Back in 2011, Franky Leeuwerck estimated there were 30,000 stock and bond collectors spread across the globe. This year, John Örtengren raised the estimate to 40,000. If true, 1% of those folks are members of the IBSS and that is not too bad. To be sure, I’d prefer several times that percentage and I think it is solidly possible when we discover a way to reach them.
Yes, there are constant murmurings of problems in our hobby such as aging membership, the removal of physical certificates from global stock exchanges, eBay, eBay and, of course, eBay. To which I say, “Get over it!”
Feel free to disagree with me, but I contend that the two easiest endeavors in the world are complaining and making excuses. For proof, I offer the fact that someone on his death bed, too weak to move or breathe on his own, can still complain! And who cannot make excuses? Can you imagine how much time we would have for problem solving and achievement if we merely stopped wasting time indulging in those two vices?
I just read an article on Kovels.com that enumerated, “Ten collectibles not worth collecting anymore.” Thank God; scripophily was not on its list. Within seconds, I found a page on CountryLiving.com which offered a more positive and compelling outlook about, “What to Collect.” I think we all know there is no shortage of things to collect! Country Living chose 57 specialties and I was glad to see paper money collecting on the list. I choose to believe that Scripophily might have been listed had the writers known about us.
After all, many of our certificates are incredibly scarce – and yet acquirable. Moreover, it is a buyer’s market for collectible stocks and bonds. On an inflation-adjusted basis, prices (in the U.S.) are among the lowest seen since the early 1990s. Now, I am definitely NOT saying that situation is good for dealers. But collectors are having a field day.
Are there problems? Of course. And we all should know that opportunities always exist on the flip sides of problems – if we take the time to look.
EBay has taught a whole generation of collectors to expect sub-wholesale prices. I don’t think many dealers would disagree that is a problem. But what about the opportunity?
In my railroad and coal specialties, I found that only 42% of my cataloged varieties have EVER appeared on eBay. Among all the varieties sold there, I have recorded a noticeable bias toward unissued remainders. In fact, if we tally all the varieties, only 38% of all the various issuance states (issued, unissued, cancelled, uncancelled, proofs and specimens) have ever sold there. In terms of recognizable autographs, we are seeing more being sold on eBay each year, but not in any great numbers. Of all the autograph variations I ever recorded, only 34% have appeared for sale on eBay at all.
At first, those percentages seem significant until you realize that also means that 60% (!) of all known varieties have never appeared on eBay. Two-thirds of all collectible autographs known on railroad stocks and bonds have never appeared there, either. Of the autographs that have been offered, there is bias toward highly common and overpriced autographs with only J.P. Morgan and Jay Gould being standouts.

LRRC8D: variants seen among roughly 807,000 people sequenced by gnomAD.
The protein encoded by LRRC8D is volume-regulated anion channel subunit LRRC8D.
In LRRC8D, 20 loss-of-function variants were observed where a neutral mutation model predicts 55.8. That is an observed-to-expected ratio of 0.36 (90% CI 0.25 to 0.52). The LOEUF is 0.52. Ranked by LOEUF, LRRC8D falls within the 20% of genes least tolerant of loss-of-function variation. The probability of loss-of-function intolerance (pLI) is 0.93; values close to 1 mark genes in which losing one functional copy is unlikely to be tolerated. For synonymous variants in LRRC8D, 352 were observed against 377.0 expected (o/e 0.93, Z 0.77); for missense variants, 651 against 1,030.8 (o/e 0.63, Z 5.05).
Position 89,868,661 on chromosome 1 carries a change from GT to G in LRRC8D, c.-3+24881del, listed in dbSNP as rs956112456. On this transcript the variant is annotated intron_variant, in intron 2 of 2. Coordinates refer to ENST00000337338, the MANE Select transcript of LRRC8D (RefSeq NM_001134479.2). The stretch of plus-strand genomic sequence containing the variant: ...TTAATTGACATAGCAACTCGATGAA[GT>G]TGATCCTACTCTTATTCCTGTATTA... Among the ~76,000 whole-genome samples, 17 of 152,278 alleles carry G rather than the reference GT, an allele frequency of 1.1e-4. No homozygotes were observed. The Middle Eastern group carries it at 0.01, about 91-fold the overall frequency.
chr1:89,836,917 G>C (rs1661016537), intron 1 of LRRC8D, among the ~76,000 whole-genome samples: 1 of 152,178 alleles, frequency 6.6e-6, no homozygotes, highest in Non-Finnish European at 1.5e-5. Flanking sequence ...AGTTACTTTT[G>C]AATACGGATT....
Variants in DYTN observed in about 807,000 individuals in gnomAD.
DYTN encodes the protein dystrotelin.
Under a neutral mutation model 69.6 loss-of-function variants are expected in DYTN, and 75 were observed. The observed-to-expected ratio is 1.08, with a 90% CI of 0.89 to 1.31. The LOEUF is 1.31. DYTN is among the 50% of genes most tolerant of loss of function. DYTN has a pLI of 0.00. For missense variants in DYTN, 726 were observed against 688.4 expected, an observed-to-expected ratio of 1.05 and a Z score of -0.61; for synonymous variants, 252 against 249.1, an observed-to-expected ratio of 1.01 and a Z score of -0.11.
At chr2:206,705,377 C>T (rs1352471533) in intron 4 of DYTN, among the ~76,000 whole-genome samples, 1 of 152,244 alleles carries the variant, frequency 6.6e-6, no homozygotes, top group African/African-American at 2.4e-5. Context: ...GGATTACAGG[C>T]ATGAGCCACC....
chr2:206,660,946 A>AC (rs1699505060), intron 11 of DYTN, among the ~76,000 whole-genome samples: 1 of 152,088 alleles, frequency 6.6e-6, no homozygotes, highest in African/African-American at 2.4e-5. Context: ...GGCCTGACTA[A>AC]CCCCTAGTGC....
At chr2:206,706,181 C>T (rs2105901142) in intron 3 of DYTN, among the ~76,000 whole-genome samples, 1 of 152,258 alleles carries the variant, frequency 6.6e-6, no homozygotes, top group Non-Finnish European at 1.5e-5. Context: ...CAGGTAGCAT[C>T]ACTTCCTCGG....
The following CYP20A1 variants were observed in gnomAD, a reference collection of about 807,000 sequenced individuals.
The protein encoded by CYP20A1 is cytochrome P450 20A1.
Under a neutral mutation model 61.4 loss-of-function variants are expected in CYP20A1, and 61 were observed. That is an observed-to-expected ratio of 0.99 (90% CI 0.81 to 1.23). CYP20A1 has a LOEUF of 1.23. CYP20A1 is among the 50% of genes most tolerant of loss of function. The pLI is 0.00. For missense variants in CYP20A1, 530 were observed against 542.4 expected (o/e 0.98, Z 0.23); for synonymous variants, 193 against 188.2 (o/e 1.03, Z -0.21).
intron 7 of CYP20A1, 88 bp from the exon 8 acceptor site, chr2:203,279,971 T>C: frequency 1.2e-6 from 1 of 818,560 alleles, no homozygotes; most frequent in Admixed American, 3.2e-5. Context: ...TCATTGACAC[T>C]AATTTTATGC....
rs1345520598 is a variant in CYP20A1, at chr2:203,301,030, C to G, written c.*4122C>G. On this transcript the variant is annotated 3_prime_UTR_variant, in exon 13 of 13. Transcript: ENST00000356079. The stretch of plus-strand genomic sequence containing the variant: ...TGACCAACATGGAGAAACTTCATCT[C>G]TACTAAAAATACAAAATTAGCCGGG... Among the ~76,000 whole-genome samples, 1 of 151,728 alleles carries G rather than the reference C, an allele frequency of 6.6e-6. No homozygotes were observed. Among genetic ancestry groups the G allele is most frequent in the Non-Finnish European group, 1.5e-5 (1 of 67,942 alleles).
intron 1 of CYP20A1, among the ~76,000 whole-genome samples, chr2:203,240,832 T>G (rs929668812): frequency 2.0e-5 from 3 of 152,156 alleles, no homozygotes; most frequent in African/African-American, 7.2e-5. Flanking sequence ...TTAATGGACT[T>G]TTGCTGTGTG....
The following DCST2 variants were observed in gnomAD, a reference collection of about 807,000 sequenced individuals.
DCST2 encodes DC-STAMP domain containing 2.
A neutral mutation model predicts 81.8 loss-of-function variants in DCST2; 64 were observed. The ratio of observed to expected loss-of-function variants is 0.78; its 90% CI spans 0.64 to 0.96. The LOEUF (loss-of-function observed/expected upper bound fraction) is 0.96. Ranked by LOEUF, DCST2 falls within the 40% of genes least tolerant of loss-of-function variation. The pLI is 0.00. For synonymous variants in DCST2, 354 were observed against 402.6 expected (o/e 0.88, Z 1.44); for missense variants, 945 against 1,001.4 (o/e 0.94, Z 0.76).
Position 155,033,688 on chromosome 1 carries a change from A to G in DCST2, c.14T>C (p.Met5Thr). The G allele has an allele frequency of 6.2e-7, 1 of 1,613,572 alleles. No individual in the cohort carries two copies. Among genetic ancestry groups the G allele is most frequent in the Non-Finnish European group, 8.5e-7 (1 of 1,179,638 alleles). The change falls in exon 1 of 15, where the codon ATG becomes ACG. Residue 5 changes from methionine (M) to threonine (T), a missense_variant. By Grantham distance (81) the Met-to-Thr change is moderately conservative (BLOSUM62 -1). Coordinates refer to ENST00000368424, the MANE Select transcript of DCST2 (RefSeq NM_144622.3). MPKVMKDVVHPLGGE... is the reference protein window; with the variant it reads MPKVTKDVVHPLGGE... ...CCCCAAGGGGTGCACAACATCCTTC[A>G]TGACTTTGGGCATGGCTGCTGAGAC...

I agree that EBay purposely made it impossible for anyone outside of eBay to market to its collectors directly. Yet, analysis of items not being sold there tells me that there should be measurable demand for scarcer, higher-priced, more desirable material.
Can professional dealers reach those potential buyers? Yes, just not directly. There is no good reason established scripophily dealers cannot become eBay sellers and sell extra inventory. Then they can reach out to buyers after-the-fact with consistent and repetitive marketing included with the items they sell. Once dealers establish relationships with eBay buyers, they can always follow-up with mailers, offers, websites, catalogs and auction notices for as long as they want. There is no need to buy names. There is no need for diffuse advertising. They just need to market to proven buyers.
Every analysis of global sales has confirmed an inexorable shift to online purchases. Thankfully, most scripophily dealers have noticed and established their own web presences. In doing so, many have found that ecommerce is harder than it looks. It does not take long to realize that many websites could use help to make them more appealing, fresher, easier to navigate and more buyer-friendly. Is there an upside? Again, yes. Websites are getting cheaper every year. And the great thing is that websites are free for everyone to see. That means dealers can evaluate everything their competition is doing and they can imitate the best. Never mind the vast amount of free knowledge available online to help them improve even more. I might also suggest that increased cooperation between dealers might help all concerned. Personally, I would like to see increased offerings of material on dealer websites that is not already sold on eBay.
I believe this is a fun and enjoyable hobby. If we see problems, fine. Let’s work on them together with plain, old-fashioned problem solving. If you want to call me Pollyanna, go ahead. It’s okay. Just don’t think you are ever going to win an argument trying to convince me that pessimism, complaining and whining are somehow constructive.